This post contains spoilers for "Avatar: The Way of Water."
James Cameron spent as much time making "Avatar: The Way of Water" as Axl Rose took to make "Chinese Democracy." Cameron was so keen to make his film in a very particular way, that he waited 13 years for film technology to catch up to his way of thinking. Importantly, Cameron wanted "The Way of Water" to take place, well, largely underwater, with his Na'vi characters freely swimming through the crystal-clear waters of Pandora. Since the Na'vi characters were all visualized using complex motion capture technology, the actors in "Water" were filmed in a large pool, having to act while holding their breath.
Cameron then transposed the underwater Na'vi characters into one of the most dazzlingly realized artificial environments yet seen on the big screen. However one may feel about the story or the characters of "The Way of Water," it's difficult not to be astounded by the lagoons of Pandora's blissful archipelagos. About a third of the way into "Water," the Na'vi children swim around for quite a long time, taking a break from the plot and enjoying their new environment. The kids swim through a gorgeous, diverse biome full of small fish, strange coral, massive eels, rideable plesiosaurs, and myriad other unnamed undersea creatures. The sands are white and clean and tactile. With a little imagination, even the warm temperature can be felt.
The sequence is so breathtaking, a viewer might get the impression that the hour of "Avatar" that preceded it was mere filler. Cameron's heart belongs to these oceans -- he is famously an oceanography nut -- and it's likely he backward engineered an "Avatar" movie for the mere purpose of the film's underwater sequences. Characters, conflict, and action were, one might postulate, an afterthought.
A central sequence of "The Way of Water" also involves the terrifyingly convincing creation of a massive intelligent alien super-whale that the character of Lo'ak (Britain Dalton) befriends. Lo'ak finds himself in a distant sea, far from the Na'vi village, when he is attacked by a vicious outsized coelacanth. Just when it looks like the beast will eat our hero, a whale speeds by and knocks the attacker into a wall of coral. Instantly, viewers trust whales.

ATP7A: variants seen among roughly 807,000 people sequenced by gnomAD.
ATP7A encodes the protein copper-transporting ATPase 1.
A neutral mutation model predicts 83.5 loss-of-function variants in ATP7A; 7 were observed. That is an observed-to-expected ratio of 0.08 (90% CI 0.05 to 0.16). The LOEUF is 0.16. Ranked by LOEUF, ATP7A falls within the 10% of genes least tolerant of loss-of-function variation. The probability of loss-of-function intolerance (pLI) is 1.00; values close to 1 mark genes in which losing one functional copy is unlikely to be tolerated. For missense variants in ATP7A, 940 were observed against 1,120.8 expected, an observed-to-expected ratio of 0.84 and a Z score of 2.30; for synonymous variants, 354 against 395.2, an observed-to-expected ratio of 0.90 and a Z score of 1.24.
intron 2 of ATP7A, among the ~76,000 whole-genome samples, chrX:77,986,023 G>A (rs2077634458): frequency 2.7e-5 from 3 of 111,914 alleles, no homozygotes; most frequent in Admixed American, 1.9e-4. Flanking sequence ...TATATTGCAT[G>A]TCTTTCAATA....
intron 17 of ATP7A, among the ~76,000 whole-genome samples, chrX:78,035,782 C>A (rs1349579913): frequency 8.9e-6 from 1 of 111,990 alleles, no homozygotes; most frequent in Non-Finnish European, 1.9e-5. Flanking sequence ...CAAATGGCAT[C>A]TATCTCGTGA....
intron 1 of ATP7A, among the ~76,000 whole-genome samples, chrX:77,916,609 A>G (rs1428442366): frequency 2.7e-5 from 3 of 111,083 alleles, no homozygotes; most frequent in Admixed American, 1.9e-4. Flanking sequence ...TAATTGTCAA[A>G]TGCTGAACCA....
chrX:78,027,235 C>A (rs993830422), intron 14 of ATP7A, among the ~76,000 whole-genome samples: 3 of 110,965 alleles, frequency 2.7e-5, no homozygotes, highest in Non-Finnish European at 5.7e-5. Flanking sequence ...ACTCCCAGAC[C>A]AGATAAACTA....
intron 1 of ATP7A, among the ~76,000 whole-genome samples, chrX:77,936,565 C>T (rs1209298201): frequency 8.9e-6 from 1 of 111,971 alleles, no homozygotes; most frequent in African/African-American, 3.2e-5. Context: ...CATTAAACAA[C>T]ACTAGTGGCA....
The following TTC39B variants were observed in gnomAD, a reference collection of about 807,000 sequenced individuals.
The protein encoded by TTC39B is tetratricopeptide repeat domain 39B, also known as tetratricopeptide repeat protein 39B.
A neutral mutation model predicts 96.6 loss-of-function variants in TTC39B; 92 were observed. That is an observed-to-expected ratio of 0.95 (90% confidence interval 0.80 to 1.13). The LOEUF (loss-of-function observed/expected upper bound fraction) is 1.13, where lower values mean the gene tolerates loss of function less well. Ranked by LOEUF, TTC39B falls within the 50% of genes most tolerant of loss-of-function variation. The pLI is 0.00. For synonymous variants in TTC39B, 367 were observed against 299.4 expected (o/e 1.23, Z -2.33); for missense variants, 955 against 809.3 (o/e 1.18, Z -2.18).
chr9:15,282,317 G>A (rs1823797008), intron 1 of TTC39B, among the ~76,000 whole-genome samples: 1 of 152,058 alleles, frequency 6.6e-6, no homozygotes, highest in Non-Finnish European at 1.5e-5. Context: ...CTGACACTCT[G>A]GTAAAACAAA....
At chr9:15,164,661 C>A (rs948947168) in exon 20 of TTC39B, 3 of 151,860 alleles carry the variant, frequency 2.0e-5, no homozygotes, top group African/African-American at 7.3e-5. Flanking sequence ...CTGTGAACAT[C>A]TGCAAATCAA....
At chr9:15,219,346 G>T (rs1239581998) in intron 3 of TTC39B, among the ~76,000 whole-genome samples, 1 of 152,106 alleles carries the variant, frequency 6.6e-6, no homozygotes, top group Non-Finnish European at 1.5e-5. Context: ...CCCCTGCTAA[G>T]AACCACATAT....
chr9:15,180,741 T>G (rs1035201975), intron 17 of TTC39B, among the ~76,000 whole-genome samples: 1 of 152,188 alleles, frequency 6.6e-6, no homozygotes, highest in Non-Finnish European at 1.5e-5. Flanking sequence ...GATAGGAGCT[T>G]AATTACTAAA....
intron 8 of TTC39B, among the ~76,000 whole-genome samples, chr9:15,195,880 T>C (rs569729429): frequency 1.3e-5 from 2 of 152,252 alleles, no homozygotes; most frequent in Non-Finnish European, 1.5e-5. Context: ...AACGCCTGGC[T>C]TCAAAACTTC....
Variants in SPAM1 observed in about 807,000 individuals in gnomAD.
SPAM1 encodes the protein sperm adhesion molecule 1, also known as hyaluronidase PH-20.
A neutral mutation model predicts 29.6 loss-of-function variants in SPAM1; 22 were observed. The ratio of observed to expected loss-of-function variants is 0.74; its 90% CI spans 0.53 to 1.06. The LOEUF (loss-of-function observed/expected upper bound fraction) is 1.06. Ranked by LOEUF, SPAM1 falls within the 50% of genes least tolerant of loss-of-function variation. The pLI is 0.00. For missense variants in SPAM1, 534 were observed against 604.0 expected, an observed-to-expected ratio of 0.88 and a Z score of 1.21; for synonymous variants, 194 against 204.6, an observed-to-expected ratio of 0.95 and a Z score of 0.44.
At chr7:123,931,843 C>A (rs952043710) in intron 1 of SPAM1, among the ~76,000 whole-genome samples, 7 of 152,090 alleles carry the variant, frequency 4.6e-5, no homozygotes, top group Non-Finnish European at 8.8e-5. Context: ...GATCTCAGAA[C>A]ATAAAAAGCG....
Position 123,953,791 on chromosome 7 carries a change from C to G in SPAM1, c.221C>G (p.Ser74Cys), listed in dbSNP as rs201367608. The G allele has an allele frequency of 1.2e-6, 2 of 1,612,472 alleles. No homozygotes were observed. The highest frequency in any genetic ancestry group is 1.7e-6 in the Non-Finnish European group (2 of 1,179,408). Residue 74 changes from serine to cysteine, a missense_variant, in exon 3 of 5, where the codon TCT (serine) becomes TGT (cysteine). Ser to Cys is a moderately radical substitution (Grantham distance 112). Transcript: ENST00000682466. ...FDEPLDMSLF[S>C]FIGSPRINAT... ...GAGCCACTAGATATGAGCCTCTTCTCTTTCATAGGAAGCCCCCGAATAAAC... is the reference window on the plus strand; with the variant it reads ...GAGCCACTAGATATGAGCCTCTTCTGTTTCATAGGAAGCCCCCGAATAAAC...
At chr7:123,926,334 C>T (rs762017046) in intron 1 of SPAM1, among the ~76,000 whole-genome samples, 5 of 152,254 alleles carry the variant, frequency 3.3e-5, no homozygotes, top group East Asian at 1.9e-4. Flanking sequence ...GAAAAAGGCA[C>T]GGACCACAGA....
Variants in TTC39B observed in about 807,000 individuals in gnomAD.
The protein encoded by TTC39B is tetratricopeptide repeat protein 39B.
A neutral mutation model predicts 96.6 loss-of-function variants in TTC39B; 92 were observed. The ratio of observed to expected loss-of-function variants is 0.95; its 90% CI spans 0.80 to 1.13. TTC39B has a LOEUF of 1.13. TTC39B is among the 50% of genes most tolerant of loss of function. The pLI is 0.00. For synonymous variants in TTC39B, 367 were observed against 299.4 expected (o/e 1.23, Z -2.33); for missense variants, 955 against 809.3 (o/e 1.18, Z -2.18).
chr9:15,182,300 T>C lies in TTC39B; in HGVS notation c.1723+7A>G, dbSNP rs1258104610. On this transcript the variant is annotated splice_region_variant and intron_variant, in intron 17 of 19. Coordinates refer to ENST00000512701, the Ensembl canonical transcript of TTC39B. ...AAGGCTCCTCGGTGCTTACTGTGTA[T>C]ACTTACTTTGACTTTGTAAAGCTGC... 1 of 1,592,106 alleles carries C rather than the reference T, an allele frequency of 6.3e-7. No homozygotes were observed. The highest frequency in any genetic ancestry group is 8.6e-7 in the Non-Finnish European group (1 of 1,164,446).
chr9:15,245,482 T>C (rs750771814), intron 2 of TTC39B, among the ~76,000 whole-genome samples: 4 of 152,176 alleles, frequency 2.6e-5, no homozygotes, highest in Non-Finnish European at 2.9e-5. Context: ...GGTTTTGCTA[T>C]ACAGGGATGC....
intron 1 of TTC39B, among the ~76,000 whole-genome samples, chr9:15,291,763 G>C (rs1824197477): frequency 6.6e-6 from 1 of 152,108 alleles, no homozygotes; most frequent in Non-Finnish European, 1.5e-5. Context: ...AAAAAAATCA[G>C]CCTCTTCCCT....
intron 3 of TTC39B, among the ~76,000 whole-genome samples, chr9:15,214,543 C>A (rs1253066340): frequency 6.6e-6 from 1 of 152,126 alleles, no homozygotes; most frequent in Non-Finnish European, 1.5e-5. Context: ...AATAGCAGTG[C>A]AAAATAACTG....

The whales in "Water" can communicate through a spoken language of clicks, and their dialogue is subtitled. They also occasionally sport enormous tattoos. The whales live in fear of visiting humans, however, as a team of vicious whalers has been patrolling the seas. The whales are, in the old sense of the word, awesome.
Despite advances in special effects technology, filmmakers seem to struggle with a sense of scale. Too few modern effects-based movies take the time to look out into a grand vista, or to appreciate the wild world in which they take place. Characters are often too cool for school, rarely stopping to express awe and wonderment. If, for instance, one of the Guardians of the Galaxy met a Godzilla-sized monster, they would likely roll their eyes and whip out a gun. Nothing can astonish modern day superheroes, and, by extension, modern audiences.
Cameron is perfectly happy to animate his imaginary animals with utter enormity. The 3-D also helps establish a sense of depth. When, at the film's climax, a whale attacks a military vessel in an amusing anti-homage to "Free Willy" ... well, at least one critic in the theater was laughing like a goon.
The Artificial Natural World
The irony of the "Avatar" movies is, of course, that Cameron required the most advanced, complicated filmmaking technologies available in order to create his ideal natural world. With Pandora, Cameron is clearly attempting to make his own Garden of Eden. Human greed, human military thinking, and just humanity in general is the Serpent. Rather than find a real place, however, and populate it with humans, Cameron builds his Eden from the ground up, gives it over to a species of blue-skinned non-humans.
One might say that Cameron, in spending so much attention to his undersea vision, is in a constant state of longing for a simpler, cleaner world. While Cameron is a master of mechanical filmmaking, machines have often been depicted as wicked or powerless in his films. In his "Terminator" movies, the villain is an evil robot from the future, a future where evil machines have taken over the Earth. In "Aliens," a team of dumb Marines have faith in their weapons and machines, only to be haplessly slaughtered by extraterrestrial humanoid bone insects. And what is the S.S. Titanic but humankind's most potent symbol for hubris after the Tower of Babel?
In the "Avatar" movies, the Na'vi are equipped with psychic tendrils that allow them to bond with plants, animals, and even the very core of the planet. It's said several times throughout that the energy matrix that runs through the entire planet has something that might be called a consciousness. In Cameron's ideal world, the goddess Gaia is a physical being.
Cameron's films may be often action fantasies with silly stories and/or shallow characters, but for multiple sustained moments, audiences can at least pretend what it's like to swim around in Paradise.
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